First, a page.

Option C Church: Choose Both in an Either/Or World

Option C Church: Choose Both in an Either/Or World August 31, 2022

We are being sorted into silos – thought silos. In the past your entire community read one or two newspapers and heard the same stories. They watched the same few broadcast channels and got the same news. Today we all have our own news feeds customized by algorithms to what engages us most. (Watch The Social Dilemma for an eye-opening peek behind the digital sorter that is grouping us without our knowledge.)

We See What We Want To See

If you’re not on social media (first congratulations) you’re still being sorted. For a fun experiment go to MSNBC.com, then FoxNews.com, and scroll the headlines. Unless there’s been a major disaster, you’ll have to scroll past a couple stories to find some commonality. It’s like these two news sources are from different countries – different planets.

We don’t mind because we KNOW we’re right and those who disagree with us are wrong. They might also be evil or just plain dumb. We know this is true because we live in an echo chamber. We hear the same perspective again and again and again. We keep coming back for more because we are enraged by what we see and hear. News outlets sell anger and we are becoming addicted to it.

This type of disparity makes it easy for us to see what we want to see. We don’t want to see things from a different point of view. We’re comfortable where we are. We don’t want to hear the “other side of the story.” We like our own version of the truth. So we “like” it online and get fed more of the same by a computer!

Bill Bishop in his book The Big Sort has documented how we have been siloing ourselves into like minded geographical locations for decades. He in particular notes how more people live in landslide voting districts – districts that went to one candidate by 20% or more. In 1992, 38% of voters lived in one of these counties, but by 2015 that increased to 60%. (See “The Divide Between Red and Blue America Grew Even Deeper in 2016 on the New York Times for more details.)

Unity NOT Conformity

With all this division it’s no wonder many churches have taken sides politically. It’s just easier to gather people you agree with, but that only makes things worse. What our divided nation needs now more than ever is a united church.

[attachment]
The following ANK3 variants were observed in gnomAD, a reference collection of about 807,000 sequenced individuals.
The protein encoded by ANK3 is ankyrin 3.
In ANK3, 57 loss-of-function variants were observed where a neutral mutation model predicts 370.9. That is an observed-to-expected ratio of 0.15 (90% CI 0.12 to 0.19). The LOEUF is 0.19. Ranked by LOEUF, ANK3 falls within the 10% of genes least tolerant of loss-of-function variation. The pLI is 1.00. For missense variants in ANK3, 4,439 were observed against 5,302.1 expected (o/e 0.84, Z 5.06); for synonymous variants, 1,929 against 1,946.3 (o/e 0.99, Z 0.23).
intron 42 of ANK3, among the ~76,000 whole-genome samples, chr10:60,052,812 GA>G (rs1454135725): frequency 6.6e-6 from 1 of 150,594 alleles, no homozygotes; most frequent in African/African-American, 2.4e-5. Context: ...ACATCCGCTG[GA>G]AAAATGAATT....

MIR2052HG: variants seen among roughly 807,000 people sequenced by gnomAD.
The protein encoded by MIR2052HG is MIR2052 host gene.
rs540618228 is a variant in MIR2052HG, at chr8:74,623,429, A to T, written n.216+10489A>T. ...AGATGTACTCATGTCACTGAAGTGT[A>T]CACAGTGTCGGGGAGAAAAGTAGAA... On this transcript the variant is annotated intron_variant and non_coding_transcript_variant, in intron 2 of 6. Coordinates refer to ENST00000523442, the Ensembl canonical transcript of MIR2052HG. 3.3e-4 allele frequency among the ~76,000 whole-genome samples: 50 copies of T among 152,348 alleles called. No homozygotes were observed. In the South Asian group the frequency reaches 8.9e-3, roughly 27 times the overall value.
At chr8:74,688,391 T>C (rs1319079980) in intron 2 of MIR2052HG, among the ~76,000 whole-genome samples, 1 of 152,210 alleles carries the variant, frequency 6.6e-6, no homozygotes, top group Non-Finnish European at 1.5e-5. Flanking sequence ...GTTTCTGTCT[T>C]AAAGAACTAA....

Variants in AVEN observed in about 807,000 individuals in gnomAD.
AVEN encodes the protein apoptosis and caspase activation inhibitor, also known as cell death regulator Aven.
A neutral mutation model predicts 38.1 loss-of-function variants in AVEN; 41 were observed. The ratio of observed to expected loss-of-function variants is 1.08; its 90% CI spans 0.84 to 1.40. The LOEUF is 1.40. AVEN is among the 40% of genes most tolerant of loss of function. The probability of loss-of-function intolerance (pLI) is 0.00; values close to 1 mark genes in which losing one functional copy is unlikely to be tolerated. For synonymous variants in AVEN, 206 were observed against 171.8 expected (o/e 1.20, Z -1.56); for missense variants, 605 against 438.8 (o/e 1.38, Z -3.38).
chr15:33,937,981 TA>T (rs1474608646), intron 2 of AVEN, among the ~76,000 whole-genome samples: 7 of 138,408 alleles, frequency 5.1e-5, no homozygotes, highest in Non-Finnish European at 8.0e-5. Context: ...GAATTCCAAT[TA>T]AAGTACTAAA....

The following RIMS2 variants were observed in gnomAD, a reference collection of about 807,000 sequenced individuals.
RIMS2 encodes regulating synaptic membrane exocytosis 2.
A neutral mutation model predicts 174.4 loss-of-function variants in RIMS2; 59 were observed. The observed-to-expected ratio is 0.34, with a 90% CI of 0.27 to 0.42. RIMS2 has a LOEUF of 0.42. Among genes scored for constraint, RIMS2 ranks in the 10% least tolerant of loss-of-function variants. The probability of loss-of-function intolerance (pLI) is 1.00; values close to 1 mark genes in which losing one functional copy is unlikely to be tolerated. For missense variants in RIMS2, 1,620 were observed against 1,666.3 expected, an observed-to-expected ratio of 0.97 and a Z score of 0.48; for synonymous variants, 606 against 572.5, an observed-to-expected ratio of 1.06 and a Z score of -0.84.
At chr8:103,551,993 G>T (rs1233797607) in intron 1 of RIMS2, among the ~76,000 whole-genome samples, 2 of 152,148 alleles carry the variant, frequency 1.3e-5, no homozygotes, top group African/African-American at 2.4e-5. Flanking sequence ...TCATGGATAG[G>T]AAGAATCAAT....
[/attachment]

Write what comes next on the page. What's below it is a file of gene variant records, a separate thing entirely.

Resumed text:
I pastor a united church. No, it’s not easy. I feel like the world lives in an A or B world. You can be either:

A) Republican OR B) Democrat

A) Conservative OR B) Liberal

A) Egalitarian OR B) Complementarian

A) Reformed OR B) Not-Reformed

A) Young OR B) Old


Our church doesn’t fit in these neat boxes. Our church is “Option C: Both A & B” I love it! It’s super messy. People get into “discussions.” We have arugments because we embrace unity not conformity.

Option C: Unite in Christ

This unity in the midst of our disagreements means we have no doubt what brings us together: Jesus Christ. Maybe “C” stands for “Christ” because he’s the only one who can bring us together. I think this was the plan all along. Here the words of Paul from Ephesians 2:14-17 (NIV).

For he himself is our peace, who has made the two groups one and has destroyed the barrier, the dividing wall of hostility, by setting aside in his flesh the law with its commands and regulations. His purpose was to create in himself one new humanity out of the two, thus making peace, and in one body to reconcile both of them to God through the cross, by which he put to death their hostility. He came and preached peace to you who were far away and peace to those who were near. For through him we both have access to the Father by one Spirit.

The dividing wall of hostility existed before our time. It’s time we remember Christ came to tear it down. He came to tear it down and bring us together as one people. He came to unite us to each other. So, let’s embrace the challenge of living, worshipping, and even leading in Option C churches. After all, if Christ is drawing all people to himself it’s the only option we have.

Person taking a test.
Person taking a test. (Andy Barbour/Pexels)

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